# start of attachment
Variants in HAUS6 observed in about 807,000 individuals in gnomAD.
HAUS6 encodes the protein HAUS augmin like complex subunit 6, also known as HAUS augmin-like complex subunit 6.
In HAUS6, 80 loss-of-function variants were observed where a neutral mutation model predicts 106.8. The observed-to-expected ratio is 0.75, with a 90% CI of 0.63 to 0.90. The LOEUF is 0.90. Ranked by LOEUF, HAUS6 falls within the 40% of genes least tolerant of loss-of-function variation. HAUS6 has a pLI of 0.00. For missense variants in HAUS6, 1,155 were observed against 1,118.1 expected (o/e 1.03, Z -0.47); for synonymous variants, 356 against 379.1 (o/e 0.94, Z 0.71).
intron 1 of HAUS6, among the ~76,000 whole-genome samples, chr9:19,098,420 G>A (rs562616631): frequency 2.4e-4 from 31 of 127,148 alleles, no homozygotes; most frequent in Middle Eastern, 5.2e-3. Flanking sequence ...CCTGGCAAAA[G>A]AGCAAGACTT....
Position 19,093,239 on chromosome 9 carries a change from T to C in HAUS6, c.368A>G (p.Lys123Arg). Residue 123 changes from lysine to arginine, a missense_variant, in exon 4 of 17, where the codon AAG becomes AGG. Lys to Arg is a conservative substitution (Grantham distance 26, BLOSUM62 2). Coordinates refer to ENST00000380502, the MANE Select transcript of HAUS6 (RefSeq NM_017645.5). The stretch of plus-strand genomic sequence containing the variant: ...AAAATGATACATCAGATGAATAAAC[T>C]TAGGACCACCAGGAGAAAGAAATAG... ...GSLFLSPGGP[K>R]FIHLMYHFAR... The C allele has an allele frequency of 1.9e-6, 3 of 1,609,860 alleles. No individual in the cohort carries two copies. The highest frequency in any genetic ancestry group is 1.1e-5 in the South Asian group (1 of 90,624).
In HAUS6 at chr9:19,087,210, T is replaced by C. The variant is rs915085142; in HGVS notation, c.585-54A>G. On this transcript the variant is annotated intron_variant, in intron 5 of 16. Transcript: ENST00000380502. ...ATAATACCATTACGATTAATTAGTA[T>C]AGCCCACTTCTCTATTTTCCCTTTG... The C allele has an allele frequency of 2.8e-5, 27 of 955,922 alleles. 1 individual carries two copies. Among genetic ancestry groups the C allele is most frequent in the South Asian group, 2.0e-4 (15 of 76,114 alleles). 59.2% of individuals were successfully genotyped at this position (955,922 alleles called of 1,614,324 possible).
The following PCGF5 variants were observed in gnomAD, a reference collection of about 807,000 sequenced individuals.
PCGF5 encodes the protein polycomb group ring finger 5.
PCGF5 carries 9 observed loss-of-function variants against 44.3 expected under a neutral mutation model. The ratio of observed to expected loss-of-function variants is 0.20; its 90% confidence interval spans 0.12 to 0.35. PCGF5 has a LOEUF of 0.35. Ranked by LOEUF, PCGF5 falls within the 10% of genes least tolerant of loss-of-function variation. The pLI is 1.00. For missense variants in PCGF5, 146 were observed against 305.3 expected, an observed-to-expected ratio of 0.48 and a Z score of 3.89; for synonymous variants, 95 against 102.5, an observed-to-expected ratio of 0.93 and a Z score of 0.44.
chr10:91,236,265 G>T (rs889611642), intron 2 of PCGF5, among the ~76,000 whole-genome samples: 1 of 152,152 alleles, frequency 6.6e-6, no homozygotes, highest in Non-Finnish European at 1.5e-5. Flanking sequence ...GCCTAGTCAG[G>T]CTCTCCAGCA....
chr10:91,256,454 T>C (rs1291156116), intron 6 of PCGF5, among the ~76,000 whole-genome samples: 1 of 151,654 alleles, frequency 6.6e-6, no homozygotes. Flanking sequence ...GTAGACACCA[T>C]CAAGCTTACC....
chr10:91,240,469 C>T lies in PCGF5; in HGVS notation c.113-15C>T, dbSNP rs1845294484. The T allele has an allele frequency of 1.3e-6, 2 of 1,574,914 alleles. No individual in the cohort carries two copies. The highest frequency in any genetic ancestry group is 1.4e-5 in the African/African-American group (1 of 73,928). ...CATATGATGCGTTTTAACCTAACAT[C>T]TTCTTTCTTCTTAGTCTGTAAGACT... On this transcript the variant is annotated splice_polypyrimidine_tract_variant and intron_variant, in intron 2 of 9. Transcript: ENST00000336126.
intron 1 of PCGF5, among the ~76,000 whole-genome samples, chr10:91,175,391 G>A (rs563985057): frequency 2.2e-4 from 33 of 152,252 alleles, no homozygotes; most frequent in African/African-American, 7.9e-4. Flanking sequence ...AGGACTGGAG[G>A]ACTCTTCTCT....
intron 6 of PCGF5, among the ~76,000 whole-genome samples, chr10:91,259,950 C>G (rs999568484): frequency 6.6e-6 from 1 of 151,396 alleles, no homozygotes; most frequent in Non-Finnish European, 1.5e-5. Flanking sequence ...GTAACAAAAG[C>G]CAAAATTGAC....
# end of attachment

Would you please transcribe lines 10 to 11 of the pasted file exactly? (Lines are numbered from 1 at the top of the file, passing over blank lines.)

chr10:91,236,265 G>T (rs889611642), intron 2 of PCGF5, among the ~76,000 whole-genome samples: 1 of 152,152 alleles, frequency 6.6e-6, no homozygotes, highest in Non-Finnish European at 1.5e-5. Flanking sequence ...GCCTAGTCAG[G>T]CTCTCCAGCA....
chr10:91,256,454 T>C (rs1291156116), intron 6 of PCGF5, among the ~76,000 whole-genome samples: 1 of 151,654 alleles, frequency 6.6e-6, no homozygotes. Flanking sequence ...GTAGACACCA[T>C]CAAGCTTACC....